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Effect of Injury to the Lateral Meniscotibial Ligament and Meniscofibular Ligament on Meniscal Extrusion: Biomechanical Evaluation of the Capsulodesis and Centralization Techniques in a Porcine Knee Model.

BACKGROUND: Previous biomechanical studies of the meniscotibial ligament have determined that it contributes to meniscal stability. An injury to it can cause the meniscus to extrude, and reconstruction of that ligament significantly reduces extrusion.

PURPOSE: To assess the biomechanical effects of sectioning the lateral meniscotibial ligament (LMTL) and the meniscofibular ligament (MFL) with respect to the radial mobility of the lateral meniscus and to evaluate the biomechanical effects of the capsulodesis and centralization techniques.

STUDY DESIGN: Controlled laboratory study.

METHODS: The lateral meniscus of 22 porcine knees was evaluated. They were mounted on a testing apparatus to apply muscle and ground-reaction forces. The meniscus was evaluated at 30° and 60° of knee flexion using 2 markers placed on the posterior cruciate ligament and the lateral meniscus after applying an axial compression of 200 N to the knee joint. Measurements were recorded under 5 conditions: intact lateral meniscus, injury of the LMTL, subsequent injury of the MFL, the use of the open capsulodesis technique, and the reconstruction of the LMTL and the MFL with the centralization technique.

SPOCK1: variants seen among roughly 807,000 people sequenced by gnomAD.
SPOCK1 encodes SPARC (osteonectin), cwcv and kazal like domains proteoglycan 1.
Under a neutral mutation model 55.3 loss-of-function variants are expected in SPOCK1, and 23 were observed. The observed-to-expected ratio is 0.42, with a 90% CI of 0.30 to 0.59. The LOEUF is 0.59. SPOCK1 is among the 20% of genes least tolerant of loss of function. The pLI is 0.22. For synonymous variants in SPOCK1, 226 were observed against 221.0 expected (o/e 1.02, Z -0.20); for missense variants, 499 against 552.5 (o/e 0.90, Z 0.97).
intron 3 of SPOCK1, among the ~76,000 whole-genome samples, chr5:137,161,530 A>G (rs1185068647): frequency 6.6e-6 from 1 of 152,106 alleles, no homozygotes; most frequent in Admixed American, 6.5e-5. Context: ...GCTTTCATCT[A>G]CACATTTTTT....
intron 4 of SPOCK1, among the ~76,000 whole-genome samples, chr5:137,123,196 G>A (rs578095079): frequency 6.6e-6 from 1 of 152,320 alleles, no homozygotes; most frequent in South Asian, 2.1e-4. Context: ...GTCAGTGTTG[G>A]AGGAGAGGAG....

RESULTS: The distance between the 2 markers was significantly greater in the extrusion group (combined lesion of the LMTL and MFL) than in the intact or reconstruction groups (capsulodesis and centralization techniques; P  < .001 in all cases). In the cases of load application, no significant differences were observed between the control group (intact meniscus) and the groups on which the reconstruction techniques were performed. There were also no differences when comparing the results obtained between both reconstruction techniques. In all settings, the distance between the 2 markers increased with the increase in the knee flexion angle.

CONCLUSION: In a porcine model, the LMTL and the MFL participated as restrictors of the radial mobility of the lateral meniscus during loading. Their injury caused a significant increase in lateral meniscal extrusion, and the centralization and the capsulodesis procedures were able to reduce extrusion.

CLINICAL RELEVANCE: This study demonstrates the capacity of the LMTL and the MFL to restrict the radial mobility of the lateral meniscus during loading and how it is affected when they are injured.

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